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Septoria musiva (stem canker) - survey projects

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The serious poplar disease Mycosphaerella populorum, commonly known in the operational poplar community by its former name Septoria musiva, occurs in North and South America, mainly east of the Rocky Mountains and east of the Andes Mountain range, respectively.  The disease causes serious stem cankers in hybrid poplars in North and South America.  In 2006 it was detected for the first time west of the Rocky Mountains at the Harrison Mills poplar stoolbed and archive facility in the eastern Fraser Valley near Agassiz in southwest British Columbia (BC), Canada, where it affected several hybrid poplar stoolbeds, several younger planting trials and adjacent hybrid poplar plantations.  It was subsequently also discovered in the nearby 'Kilby' trial plantation of Populus trichocarpa.  The Harrison Mills facility and the land on which the Kilby trial plantation is located are owned by Kruger Products, L.P.

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Severe Septoria musiva stem cankers
on hybrid poplar - Harrison Mills (CvO photo)

 

Septoria musiva infected cuttings from
stoolbed - Harrison Mills (CvO photo)

P. trichocarpa, also known by its local name 'black cottonwood', occurs naturally in western North America from Alaska to California.  The presence of Septoria musiva was definitively confirmed in a September 2007 publication.  As far as can be determined, the disease is only present in the Fraser Valley, east of Vancouver.  It is not known to be present anywhere else west of the Rocky Mountains.  A voluntary quarantine on the transport of poplar was established in the province to prevent the disease from spreading further; its effectiveness will be determined over time.

The inadvertent introduction of Septoria musiva into the Pacific coast region of southwest BC sparked a large genomics-based project at UBC in Vancouver.  A breakthrough research paper was recently published by the UBC research team that reported on 'extra genes' in this disease organism causing the deadly cankewr lesions on poplar branches and stems.

Kilby Black Cottonwood Trial
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Septoria leafspot on black cottonwood - Kilby
(CvO photo)

In the spring of 2007 the BC Government established a large provenance trial with black cottonwood collected years earlier from northern BC at 59°N latitude to Oregon (US) at 45ºN latitude, and longitudes of 128ºW to 121ºW.  The trial was established before the presence of Septoria musiva was conclusively confirmed in September 2007.  However, the trial location 'Kilby', in the eastern Fraser Valley near Agassiz, is in or near the 'epicentre' of the 2006-discovered Septoria musiva infection.  In 2010, during a field visit, the four-year-old trial showed several trees infected with stem cankers, in all likelihood caused by Septoria musiva.  In March 2015 the trial was formally surveyed for the presence of the disease.  Due to the size of the trees and the requirement not to damage them, no canker samples were collected for follow-up DNA analysis.  The final report on the survey is still pending, but interim results show approximately 30% of trees affected in this trial, which is now in its eighth growing season.  The BC Government generously provided $8,000 to conduct the survey at the 'Kilby' trial.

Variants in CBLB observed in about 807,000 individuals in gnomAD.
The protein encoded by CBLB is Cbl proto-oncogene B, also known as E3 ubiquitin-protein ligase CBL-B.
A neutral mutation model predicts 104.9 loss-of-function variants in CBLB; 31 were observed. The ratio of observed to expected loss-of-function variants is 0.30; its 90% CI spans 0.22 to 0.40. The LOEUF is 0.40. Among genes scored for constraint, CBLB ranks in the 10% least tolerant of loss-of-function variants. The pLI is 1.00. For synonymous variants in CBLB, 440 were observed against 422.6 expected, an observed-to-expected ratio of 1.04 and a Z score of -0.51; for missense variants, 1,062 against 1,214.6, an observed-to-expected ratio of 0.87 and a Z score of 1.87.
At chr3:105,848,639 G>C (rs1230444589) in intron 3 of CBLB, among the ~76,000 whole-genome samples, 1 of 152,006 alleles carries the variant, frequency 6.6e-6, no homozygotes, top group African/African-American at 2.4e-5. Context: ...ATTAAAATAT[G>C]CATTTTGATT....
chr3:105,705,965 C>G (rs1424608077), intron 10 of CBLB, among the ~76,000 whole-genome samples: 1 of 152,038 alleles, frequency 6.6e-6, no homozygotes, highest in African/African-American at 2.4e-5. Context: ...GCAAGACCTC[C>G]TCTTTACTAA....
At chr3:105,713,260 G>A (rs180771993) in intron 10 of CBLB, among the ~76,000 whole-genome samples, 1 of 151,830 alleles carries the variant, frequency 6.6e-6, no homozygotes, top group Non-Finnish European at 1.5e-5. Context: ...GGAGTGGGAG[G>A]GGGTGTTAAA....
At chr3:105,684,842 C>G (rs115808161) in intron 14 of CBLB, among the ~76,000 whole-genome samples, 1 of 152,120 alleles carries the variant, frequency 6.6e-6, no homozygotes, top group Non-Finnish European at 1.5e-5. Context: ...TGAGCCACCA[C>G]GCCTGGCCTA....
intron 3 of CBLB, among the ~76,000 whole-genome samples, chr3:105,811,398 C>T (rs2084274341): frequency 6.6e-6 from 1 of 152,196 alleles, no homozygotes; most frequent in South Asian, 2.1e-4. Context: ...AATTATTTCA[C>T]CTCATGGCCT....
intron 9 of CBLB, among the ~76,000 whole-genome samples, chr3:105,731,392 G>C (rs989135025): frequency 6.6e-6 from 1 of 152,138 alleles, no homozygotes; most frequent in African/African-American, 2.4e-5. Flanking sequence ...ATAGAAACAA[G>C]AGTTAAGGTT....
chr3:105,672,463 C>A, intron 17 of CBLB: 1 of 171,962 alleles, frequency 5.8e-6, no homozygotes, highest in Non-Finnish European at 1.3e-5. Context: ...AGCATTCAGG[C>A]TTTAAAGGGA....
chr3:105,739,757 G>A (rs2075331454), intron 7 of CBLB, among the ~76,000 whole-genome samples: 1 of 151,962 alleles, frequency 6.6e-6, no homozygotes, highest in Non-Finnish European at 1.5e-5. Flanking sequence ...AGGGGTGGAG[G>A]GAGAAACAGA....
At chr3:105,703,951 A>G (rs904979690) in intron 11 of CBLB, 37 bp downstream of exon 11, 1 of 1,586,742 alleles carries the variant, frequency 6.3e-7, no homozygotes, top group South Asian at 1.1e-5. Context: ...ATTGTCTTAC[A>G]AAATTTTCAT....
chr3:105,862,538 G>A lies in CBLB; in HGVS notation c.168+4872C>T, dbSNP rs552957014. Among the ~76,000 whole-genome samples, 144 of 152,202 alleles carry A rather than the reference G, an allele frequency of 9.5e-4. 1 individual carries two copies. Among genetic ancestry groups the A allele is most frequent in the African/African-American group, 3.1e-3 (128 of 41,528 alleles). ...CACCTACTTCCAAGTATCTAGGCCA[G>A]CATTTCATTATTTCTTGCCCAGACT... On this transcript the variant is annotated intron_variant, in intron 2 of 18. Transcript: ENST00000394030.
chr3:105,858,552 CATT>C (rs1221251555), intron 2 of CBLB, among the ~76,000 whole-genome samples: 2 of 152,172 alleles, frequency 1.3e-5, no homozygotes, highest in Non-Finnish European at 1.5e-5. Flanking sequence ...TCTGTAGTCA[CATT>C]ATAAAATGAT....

Of great interest is that an earlier DNA analysis of Septoria musiva leafspot at the Kilby trial showed consistent differences between provenances across the four replications.  A similar pattern has also been observed in the presence of stem cankers after the March 2015 survey; final results of this survey are pending (May 2015).

Harrison Mills PopCan Trial

In the spring of 2011 researchers at UBC established the so-called PopCan trial, at the Harrison Mills facility, also near Agassiz (BC), which was visited as the last stop during the IPS VI Fraser Valley Field tour in July 2014.

The trial consists of P. trichocarpa from a range of provenances BC mid-latitude at 54ºN to California at 39ºN.  Few, if any, of the California genotypes survived at the Harrison Mills site, resulting in an effective collection range of 54ºN to 45ºN latitude and 128ºW to 120ºW longitude.  The trial is also located in the eastern Fraser Valley, almost adjacent to the 2007 Kilby trial, described above, and thus in or near the 'epicentre' of the 2006-discovered Septoria musiva infection.  The survey was completed in the spring of 2015 and canker samples were collected from stems and branches for DNA analysis.  The final report for this survey is also pending (May 2015); interim results show approximately 10% of the trees affected in this trial, which is now in its fifth growing season.  The lower infection rate at this location may be related to its younger age and the fact that Kruger Products, L.P., the owner of the land where both trials are located, has actively cleaned up all affected stoolbeds and poplar plantations over the last seven years, thereby possibly decreasing the amount of disease inoculum.  Subject to available funds, and provided the trial is still around in the summer of 2015, there are plans to collect leaf samples infected with Septoria leafspot for further DNA analysis.

Since the genomes of all the trees at this PopCan trial are now known and the trial is affected by the Septoria musiva infection, it made sense to assess each tree for the presence or absence of Septoria stem cankers.  There is substantial overlap between the Kilby trial and this trial; about 150 genotypes from the BC Government's collection are present in the PopCan trial.

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